Making a place out of space: The social imaginaries and realities of a Business School as a designed space
- Publication Type:
- Journal Article
- Management Learning, 2018, 49 (2), pp. 168 - 186
- Issue Date:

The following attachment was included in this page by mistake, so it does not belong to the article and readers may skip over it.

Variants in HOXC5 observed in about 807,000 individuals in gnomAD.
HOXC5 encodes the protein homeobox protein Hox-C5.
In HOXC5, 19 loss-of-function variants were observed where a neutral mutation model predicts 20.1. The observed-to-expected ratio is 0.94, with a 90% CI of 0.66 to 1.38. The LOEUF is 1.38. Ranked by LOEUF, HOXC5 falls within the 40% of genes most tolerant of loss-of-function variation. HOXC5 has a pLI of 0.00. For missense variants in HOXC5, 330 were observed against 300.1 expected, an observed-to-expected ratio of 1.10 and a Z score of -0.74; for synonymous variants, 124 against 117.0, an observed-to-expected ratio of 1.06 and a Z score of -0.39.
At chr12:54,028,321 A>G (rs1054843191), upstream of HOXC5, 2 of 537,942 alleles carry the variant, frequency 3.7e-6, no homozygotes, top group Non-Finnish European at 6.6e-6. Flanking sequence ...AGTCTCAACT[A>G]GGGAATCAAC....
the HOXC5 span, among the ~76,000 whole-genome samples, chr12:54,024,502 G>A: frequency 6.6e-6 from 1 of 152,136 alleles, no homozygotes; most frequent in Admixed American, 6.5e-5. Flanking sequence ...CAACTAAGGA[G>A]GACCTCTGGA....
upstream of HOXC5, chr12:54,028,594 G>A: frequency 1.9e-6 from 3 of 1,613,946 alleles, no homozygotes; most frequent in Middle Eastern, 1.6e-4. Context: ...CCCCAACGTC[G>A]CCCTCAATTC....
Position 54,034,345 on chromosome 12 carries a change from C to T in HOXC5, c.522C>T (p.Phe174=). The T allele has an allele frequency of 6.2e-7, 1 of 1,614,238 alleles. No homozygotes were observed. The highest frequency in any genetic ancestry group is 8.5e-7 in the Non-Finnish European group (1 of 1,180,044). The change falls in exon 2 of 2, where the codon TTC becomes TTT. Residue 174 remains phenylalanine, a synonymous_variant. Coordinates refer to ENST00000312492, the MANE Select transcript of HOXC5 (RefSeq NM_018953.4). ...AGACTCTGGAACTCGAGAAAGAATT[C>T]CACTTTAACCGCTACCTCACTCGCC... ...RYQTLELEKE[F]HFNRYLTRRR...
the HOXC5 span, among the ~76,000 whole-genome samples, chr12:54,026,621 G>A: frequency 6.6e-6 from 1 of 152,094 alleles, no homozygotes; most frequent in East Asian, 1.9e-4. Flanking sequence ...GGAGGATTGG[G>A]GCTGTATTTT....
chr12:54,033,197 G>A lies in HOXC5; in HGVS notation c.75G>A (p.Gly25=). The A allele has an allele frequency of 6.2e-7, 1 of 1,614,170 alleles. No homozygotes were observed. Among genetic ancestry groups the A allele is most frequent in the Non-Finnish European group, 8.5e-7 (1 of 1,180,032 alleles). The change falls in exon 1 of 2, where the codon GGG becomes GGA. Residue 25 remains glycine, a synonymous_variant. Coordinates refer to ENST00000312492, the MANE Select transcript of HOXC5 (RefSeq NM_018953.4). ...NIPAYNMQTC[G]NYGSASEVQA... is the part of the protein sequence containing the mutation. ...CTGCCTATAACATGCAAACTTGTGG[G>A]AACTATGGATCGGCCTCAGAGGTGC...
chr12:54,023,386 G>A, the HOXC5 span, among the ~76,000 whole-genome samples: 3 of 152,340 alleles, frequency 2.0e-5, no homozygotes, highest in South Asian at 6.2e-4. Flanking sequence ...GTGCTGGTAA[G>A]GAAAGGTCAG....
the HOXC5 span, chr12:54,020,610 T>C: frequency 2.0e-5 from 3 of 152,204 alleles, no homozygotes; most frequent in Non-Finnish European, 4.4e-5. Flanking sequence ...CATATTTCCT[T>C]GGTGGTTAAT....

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© 2017, © The Author(s) 2017. We chart the sociomaterial imaginaries and realities of a new Frank Gehry–designed University of Technology Sydney Business School as both a space and a place. We review the broad sociological literature on space, considering its philosophical and conceptual parameters. Lefebvre’s work is central to such discussion, a centrality that we do not so much question as extend by turning attention from a macro-historical conception of space to consider the specificity of place and placemaking, contributing our ‘place in space’ heuristic model. We apply the model empirically through analysis of the design and occupancy of the business school, highlighting elements that concurrently produce the phenomenology of space and place. Our findings suggest that while organizational space ensconces power and the production of relationships, the translation of these into an identity ordering place is not a linear process. ‘Spatial narratives’, characterizing the imagined functions of the building, have been inconsistently materialized, and different actors have re-inscribed alternative functions and meanings in this new place. Theoretically, the article moves debate beyond the frame bequeathed by Lefebvre while building on it, proposing an analysis that affords equal emphasis to material elements (architectural features, furniture, policies) as to discursive elements (symbols, interpretations, narratives).
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